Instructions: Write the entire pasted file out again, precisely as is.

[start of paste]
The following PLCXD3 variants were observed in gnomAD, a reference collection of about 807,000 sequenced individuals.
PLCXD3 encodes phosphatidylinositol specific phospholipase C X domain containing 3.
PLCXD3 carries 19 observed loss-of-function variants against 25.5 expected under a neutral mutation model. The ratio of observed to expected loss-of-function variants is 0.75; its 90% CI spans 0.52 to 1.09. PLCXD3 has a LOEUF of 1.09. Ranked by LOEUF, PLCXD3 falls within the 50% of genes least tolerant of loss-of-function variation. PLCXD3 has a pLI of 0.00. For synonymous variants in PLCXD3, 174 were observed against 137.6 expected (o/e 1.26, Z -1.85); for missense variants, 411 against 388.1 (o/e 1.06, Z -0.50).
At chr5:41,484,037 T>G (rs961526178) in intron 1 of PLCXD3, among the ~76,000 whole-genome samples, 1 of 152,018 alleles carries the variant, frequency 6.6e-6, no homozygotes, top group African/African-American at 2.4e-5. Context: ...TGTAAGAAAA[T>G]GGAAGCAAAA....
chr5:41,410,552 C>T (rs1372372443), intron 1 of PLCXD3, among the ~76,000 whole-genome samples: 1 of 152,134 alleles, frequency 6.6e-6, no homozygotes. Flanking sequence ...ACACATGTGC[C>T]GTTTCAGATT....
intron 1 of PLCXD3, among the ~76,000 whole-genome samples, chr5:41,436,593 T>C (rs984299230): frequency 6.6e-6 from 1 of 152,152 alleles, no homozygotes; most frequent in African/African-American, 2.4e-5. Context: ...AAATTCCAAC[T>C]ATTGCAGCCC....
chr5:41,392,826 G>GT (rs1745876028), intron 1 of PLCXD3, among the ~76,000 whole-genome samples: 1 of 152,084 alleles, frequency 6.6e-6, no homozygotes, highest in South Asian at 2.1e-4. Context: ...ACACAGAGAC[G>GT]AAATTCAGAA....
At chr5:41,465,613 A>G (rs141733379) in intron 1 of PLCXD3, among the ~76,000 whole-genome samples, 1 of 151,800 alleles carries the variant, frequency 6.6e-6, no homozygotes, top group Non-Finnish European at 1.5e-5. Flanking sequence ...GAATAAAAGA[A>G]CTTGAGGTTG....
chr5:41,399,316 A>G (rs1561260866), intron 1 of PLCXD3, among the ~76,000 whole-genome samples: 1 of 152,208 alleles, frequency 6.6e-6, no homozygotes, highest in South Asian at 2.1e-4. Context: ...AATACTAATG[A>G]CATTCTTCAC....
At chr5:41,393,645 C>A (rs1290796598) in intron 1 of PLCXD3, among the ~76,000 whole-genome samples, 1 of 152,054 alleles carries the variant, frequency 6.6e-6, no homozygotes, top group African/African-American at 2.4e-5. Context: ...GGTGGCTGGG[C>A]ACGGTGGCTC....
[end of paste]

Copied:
The following PLCXD3 variants were observed in gnomAD, a reference collection of about 807,000 sequenced individuals.
PLCXD3 encodes phosphatidylinositol specific phospholipase C X domain containing 3.
PLCXD3 carries 19 observed loss-of-function variants against 25.5 expected under a neutral mutation model. The ratio of observed to expected loss-of-function variants is 0.75; its 90% CI spans 0.52 to 1.09. PLCXD3 has a LOEUF of 1.09. Ranked by LOEUF, PLCXD3 falls within the 50% of genes least tolerant of loss-of-function variation. PLCXD3 has a pLI of 0.00. For synonymous variants in PLCXD3, 174 were observed against 137.6 expected (o/e 1.26, Z -1.85); for missense variants, 411 against 388.1 (o/e 1.06, Z -0.50).
At chr5:41,484,037 T>G (rs961526178) in intron 1 of PLCXD3, among the ~76,000 whole-genome samples, 1 of 152,018 alleles carries the variant, frequency 6.6e-6, no homozygotes, top group African/African-American at 2.4e-5. Context: ...TGTAAGAAAA[T>G]GGAAGCAAAA....
chr5:41,410,552 C>T (rs1372372443), intron 1 of PLCXD3, among the ~76,000 whole-genome samples: 1 of 152,134 alleles, frequency 6.6e-6, no homozygotes. Flanking sequence ...ACACATGTGC[C>T]GTTTCAGATT....
intron 1 of PLCXD3, among the ~76,000 whole-genome samples, chr5:41,436,593 T>C (rs984299230): frequency 6.6e-6 from 1 of 152,152 alleles, no homozygotes; most frequent in African/African-American, 2.4e-5. Context: ...AAATTCCAAC[T>C]ATTGCAGCCC....
chr5:41,392,826 G>GT (rs1745876028), intron 1 of PLCXD3, among the ~76,000 whole-genome samples: 1 of 152,084 alleles, frequency 6.6e-6, no homozygotes, highest in South Asian at 2.1e-4. Context: ...ACACAGAGAC[G>GT]AAATTCAGAA....
At chr5:41,465,613 A>G (rs141733379) in intron 1 of PLCXD3, among the ~76,000 whole-genome samples, 1 of 151,800 alleles carries the variant, frequency 6.6e-6, no homozygotes, top group Non-Finnish European at 1.5e-5. Flanking sequence ...GAATAAAAGA[A>G]CTTGAGGTTG....
chr5:41,399,316 A>G (rs1561260866), intron 1 of PLCXD3, among the ~76,000 whole-genome samples: 1 of 152,208 alleles, frequency 6.6e-6, no homozygotes, highest in South Asian at 2.1e-4. Context: ...AATACTAATG[A>G]CATTCTTCAC....
At chr5:41,393,645 C>A (rs1290796598) in intron 1 of PLCXD3, among the ~76,000 whole-genome samples, 1 of 152,054 alleles carries the variant, frequency 6.6e-6, no homozygotes, top group African/African-American at 2.4e-5. Context: ...GGTGGCTGGG[C>A]ACGGTGGCTC....